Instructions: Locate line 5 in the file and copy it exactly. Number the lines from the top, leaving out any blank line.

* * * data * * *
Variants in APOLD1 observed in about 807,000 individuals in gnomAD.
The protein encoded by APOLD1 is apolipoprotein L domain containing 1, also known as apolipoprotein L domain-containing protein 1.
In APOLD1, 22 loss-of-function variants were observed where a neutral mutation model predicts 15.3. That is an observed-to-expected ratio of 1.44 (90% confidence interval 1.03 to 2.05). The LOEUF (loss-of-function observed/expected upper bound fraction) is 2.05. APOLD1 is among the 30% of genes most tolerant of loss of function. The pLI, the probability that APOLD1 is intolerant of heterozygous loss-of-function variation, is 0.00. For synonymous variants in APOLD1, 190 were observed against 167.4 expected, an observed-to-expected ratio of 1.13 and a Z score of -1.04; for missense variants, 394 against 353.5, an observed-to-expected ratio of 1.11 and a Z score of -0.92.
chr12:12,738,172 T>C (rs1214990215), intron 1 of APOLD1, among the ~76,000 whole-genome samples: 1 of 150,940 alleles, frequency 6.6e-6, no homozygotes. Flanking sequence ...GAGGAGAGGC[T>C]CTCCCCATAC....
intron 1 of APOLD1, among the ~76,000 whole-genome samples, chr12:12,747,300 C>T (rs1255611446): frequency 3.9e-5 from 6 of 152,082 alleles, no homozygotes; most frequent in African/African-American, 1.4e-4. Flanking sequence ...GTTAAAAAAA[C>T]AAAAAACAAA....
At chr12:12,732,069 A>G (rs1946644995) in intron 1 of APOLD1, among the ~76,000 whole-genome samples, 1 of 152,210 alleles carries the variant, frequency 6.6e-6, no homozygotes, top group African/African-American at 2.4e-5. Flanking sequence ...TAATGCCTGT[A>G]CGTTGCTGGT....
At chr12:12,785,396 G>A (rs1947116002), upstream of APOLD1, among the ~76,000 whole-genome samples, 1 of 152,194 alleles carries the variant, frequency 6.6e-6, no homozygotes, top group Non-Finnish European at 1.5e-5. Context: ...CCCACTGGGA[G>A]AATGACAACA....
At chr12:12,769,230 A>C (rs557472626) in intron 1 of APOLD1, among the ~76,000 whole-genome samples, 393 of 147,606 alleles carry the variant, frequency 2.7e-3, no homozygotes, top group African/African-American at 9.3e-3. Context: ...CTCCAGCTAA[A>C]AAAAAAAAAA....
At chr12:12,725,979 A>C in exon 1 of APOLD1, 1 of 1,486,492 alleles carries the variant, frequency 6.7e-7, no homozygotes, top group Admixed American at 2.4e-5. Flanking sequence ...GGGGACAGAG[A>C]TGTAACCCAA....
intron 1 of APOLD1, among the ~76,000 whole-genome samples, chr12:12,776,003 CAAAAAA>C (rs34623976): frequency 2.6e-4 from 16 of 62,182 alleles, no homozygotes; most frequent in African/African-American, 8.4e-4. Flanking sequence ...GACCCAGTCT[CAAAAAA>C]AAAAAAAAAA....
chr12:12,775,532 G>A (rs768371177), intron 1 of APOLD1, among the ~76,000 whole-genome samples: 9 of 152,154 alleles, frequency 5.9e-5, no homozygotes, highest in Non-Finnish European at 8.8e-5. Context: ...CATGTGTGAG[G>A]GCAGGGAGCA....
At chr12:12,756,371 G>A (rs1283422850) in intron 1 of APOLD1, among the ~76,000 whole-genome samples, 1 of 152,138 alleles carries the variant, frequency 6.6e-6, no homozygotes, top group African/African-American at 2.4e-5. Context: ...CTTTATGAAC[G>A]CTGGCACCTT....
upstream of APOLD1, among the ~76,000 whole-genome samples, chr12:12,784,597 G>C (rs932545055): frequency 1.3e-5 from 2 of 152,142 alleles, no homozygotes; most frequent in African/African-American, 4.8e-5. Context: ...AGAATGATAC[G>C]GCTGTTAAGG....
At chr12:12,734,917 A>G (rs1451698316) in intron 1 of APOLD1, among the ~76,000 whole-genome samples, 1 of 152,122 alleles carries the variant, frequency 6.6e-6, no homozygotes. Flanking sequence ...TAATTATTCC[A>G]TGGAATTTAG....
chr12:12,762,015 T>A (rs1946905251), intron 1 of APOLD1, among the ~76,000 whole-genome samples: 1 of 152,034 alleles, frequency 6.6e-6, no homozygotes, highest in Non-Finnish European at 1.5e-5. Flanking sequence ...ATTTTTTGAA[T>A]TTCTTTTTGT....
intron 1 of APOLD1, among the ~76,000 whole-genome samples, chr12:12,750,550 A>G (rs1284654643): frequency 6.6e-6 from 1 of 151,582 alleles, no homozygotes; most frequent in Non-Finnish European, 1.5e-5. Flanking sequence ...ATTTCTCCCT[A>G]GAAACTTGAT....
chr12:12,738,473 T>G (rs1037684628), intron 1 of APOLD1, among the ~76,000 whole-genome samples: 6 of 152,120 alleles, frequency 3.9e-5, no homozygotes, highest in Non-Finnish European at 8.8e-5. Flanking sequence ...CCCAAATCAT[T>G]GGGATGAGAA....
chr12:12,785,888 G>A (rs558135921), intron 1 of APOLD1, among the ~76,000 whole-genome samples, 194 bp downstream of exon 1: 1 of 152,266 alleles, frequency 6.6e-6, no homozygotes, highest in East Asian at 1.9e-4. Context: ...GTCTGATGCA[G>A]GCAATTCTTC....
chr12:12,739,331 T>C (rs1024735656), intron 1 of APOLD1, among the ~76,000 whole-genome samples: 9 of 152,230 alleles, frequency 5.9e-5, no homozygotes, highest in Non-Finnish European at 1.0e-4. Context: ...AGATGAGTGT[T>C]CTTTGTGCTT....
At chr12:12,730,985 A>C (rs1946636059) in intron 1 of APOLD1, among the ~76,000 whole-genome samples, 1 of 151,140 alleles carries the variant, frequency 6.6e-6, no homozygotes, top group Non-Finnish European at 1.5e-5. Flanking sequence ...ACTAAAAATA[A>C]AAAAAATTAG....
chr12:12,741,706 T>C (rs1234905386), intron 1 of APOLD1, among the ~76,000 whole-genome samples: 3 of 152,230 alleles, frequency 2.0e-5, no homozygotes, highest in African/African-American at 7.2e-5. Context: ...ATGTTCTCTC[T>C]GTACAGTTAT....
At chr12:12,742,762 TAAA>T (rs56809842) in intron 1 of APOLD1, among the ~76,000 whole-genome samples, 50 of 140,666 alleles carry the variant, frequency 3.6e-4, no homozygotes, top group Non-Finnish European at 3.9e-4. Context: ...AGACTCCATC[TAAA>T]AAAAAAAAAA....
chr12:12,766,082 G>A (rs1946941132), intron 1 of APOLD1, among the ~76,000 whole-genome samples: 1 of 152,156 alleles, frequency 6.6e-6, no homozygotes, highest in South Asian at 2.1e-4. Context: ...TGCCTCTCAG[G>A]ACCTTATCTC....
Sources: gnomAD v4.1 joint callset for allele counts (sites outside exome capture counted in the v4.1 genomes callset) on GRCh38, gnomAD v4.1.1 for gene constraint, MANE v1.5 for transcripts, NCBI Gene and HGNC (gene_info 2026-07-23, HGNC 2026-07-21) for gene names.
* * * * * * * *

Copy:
intron 1 of APOLD1, among the ~76,000 whole-genome samples, chr12:12,747,300 C>T (rs1255611446): frequency 3.9e-5 from 6 of 152,082 alleles, no homozygotes; most frequent in African/African-American, 1.4e-4. Flanking sequence ...GTTAAAAAAA[C>T]AAAAAACAAA....